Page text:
Literary Selves: Autobiography and Contemporary American Nonfiction

Literary Selves: Autobiography and Contemporary American Nonfiction

Literary Selves: Autobiography and Contemporary American Nonfiction

Literary Selves: Autobiography and Contemporary American Nonfiction

Synopsis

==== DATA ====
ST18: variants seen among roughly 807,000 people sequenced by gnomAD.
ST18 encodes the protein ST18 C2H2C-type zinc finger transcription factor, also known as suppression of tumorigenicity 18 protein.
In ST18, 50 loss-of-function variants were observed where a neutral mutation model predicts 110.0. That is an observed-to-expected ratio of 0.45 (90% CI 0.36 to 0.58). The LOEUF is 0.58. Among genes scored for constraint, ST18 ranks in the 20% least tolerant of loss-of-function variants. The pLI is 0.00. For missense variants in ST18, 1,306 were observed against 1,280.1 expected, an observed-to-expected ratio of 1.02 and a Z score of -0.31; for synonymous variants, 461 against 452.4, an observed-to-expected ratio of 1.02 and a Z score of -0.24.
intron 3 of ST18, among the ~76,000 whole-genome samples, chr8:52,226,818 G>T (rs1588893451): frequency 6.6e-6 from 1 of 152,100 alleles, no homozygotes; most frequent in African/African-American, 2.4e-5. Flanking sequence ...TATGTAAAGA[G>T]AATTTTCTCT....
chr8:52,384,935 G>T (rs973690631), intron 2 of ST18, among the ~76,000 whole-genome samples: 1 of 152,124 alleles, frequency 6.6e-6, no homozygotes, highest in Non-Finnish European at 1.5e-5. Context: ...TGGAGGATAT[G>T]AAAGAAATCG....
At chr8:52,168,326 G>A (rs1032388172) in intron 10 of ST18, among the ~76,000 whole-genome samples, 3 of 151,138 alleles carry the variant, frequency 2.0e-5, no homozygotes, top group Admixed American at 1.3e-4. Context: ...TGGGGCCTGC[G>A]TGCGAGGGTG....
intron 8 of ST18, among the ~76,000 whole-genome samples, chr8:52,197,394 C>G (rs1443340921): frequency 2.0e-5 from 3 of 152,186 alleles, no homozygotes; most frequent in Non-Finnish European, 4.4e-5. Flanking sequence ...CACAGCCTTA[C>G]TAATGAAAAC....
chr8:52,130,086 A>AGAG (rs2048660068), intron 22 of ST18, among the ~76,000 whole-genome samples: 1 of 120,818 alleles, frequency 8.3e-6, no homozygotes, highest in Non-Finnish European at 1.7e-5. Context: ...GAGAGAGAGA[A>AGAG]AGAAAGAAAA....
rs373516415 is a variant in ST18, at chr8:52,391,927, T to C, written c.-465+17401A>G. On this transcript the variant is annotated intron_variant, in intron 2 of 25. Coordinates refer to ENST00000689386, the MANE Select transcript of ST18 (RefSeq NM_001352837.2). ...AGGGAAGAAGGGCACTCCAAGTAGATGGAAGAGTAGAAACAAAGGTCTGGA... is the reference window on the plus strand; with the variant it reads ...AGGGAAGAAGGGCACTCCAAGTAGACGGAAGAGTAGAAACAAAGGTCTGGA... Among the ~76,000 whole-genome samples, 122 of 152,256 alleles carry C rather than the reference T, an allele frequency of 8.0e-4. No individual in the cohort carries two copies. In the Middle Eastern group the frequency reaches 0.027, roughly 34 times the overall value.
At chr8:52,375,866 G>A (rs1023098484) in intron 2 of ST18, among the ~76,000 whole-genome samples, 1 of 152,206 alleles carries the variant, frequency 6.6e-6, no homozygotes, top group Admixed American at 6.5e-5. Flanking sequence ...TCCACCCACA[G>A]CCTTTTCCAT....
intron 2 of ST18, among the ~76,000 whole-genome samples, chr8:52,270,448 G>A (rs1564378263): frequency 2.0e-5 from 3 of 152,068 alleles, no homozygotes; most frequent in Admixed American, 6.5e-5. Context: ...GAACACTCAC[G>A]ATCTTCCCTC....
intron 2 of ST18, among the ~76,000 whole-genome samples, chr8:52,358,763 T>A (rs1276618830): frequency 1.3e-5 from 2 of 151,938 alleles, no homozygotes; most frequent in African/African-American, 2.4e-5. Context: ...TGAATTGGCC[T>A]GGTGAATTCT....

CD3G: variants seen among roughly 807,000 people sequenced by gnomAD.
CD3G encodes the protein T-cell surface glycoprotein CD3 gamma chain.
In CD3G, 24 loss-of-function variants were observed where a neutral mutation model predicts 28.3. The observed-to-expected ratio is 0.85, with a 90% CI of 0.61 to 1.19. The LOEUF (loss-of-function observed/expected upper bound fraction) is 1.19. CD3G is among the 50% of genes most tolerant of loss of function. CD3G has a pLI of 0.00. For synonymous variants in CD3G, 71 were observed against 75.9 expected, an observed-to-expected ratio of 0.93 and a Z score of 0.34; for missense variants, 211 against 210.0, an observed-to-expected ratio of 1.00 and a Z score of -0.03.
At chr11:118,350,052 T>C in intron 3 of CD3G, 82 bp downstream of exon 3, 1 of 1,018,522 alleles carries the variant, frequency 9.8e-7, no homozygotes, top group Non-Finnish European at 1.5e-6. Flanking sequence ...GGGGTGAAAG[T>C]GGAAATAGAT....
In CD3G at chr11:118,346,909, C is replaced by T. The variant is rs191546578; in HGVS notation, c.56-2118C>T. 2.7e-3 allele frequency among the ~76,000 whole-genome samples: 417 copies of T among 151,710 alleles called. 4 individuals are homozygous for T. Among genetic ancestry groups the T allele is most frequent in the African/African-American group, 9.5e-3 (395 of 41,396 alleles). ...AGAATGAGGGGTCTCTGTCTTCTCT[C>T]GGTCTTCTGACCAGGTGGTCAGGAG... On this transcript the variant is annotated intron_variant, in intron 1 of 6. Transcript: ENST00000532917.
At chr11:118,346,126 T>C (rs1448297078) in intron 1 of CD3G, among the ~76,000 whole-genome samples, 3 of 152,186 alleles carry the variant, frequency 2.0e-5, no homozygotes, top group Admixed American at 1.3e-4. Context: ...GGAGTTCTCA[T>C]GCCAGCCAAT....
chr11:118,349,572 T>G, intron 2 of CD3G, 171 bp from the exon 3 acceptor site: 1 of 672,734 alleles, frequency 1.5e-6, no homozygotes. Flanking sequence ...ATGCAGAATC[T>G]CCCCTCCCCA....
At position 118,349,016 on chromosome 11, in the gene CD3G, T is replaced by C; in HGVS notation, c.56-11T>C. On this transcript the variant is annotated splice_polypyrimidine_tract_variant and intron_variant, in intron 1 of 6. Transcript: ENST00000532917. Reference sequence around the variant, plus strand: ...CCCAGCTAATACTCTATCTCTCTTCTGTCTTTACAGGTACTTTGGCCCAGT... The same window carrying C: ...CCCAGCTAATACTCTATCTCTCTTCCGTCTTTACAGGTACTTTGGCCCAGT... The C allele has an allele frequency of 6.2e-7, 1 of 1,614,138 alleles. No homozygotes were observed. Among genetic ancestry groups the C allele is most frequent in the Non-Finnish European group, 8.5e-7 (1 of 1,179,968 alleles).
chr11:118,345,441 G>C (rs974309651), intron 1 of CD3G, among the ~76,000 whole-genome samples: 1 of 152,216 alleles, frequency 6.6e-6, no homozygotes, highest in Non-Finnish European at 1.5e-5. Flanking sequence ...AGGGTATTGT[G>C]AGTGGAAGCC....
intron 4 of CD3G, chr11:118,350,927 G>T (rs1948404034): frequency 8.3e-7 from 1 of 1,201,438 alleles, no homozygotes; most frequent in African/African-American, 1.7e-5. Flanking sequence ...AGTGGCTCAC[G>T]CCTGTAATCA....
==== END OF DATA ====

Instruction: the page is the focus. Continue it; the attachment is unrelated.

Departing from previous discussions of literary nonfiction in terms of its being literature or journalism, this new study treats literary nonfiction as autobiography, examining a large body of work in terms of autobiographical theory. The collected works of six very different prominent literary journalists--John McPhee, Joe McGinniss, Tom Wolfe, Joan Didion, Hunter S. Thompson, and Norman Mailer--are analyzed from literary, autobiographical, and cultural perspectives. Author James Stull explains how the complex, fully-rounded psychological and social self is crystalized in these works into a more encompassing statement of self-identification, which he calls a "metaphor of self," a distinctive way an author presents a self and its world. Numerous other writers and critics are brought into the discussion, and the author provides an extensive reference bibliography.
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